Two broad categories of organic fertilities - 'New Manor', for growing fruits and vegetables, and 'Green Manor' for cultivating grains obtained by recycling garbage - have been developed by a Beijing-based private firm. Research on the fertiliser technology began in 1994, and encouraged by the early results in 1996, the Taishan Green Products Manufacturing Company is now planning to expand its activity in other regions.
The company's engineer Ciu Wei says negotiation is on with the authorities for setting up factories in Gansu, Liaoning and Sichuan provinces where rubbish would be recycled into fertiliser. Ciu said that in the initial stage, garbage comprised 10 per cent of Green Manor's ingredients. She expects the figure to rise to 60 per cent.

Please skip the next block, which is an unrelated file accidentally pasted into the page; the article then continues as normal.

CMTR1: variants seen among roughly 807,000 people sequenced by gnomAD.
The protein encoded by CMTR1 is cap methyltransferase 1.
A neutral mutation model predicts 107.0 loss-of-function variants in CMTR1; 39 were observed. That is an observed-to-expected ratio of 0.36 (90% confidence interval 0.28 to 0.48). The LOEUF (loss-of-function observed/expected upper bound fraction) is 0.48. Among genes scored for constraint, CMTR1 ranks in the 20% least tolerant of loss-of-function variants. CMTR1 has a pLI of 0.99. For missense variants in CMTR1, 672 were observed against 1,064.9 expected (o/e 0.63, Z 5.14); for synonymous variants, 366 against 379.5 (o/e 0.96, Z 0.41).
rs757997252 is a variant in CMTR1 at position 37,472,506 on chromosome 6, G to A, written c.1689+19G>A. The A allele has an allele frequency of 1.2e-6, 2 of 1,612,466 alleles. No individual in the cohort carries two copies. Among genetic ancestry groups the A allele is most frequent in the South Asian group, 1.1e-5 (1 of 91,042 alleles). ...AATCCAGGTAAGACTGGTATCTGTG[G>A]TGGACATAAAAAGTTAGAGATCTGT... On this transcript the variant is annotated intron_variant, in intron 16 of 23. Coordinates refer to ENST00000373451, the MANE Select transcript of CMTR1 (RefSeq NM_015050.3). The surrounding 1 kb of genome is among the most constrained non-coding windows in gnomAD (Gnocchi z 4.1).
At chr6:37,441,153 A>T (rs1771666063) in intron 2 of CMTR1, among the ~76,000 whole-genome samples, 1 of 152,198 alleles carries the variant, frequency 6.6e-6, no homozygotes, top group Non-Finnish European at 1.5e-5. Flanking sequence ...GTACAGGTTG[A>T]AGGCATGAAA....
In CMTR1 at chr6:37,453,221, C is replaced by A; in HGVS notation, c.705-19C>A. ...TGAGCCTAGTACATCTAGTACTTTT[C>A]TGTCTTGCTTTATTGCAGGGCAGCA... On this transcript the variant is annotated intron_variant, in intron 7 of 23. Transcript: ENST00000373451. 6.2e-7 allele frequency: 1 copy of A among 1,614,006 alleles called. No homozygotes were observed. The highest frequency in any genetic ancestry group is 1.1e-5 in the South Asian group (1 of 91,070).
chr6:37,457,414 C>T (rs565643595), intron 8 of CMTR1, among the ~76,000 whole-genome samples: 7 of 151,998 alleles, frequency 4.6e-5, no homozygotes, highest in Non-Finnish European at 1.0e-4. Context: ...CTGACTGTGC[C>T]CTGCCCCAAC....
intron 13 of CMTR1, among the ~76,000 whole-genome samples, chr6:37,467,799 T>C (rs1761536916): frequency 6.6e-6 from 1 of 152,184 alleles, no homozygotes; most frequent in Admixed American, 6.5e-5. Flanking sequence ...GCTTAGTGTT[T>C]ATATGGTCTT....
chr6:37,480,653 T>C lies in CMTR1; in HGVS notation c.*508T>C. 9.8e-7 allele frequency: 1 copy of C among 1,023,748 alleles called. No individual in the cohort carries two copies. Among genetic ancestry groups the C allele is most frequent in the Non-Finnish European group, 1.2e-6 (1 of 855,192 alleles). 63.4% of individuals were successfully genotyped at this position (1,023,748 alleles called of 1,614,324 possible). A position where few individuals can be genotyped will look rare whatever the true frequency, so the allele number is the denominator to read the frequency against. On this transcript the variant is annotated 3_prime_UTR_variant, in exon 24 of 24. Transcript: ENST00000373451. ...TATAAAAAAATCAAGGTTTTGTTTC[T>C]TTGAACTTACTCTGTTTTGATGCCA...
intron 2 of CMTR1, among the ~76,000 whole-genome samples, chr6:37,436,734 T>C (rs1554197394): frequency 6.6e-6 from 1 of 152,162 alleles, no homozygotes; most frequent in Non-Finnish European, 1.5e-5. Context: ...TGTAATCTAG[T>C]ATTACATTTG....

In China, about 35 per cent of urban household refuse is separated and sold to farmers who convert it to an organic soil conditioner-cum-fertiliser."It is a dangerous hotchpotch of plastic, glass, vegetable leaves and bones," says Ciu. The other ingredients remain a trade secret. But clearly, the additives benefit various crops. Says Wu Yuguang, a soil specialist who helped test the fertilisers, "Green Manor contains 40-60 per cent organic matter which provide valuable nourishment without doing harm".
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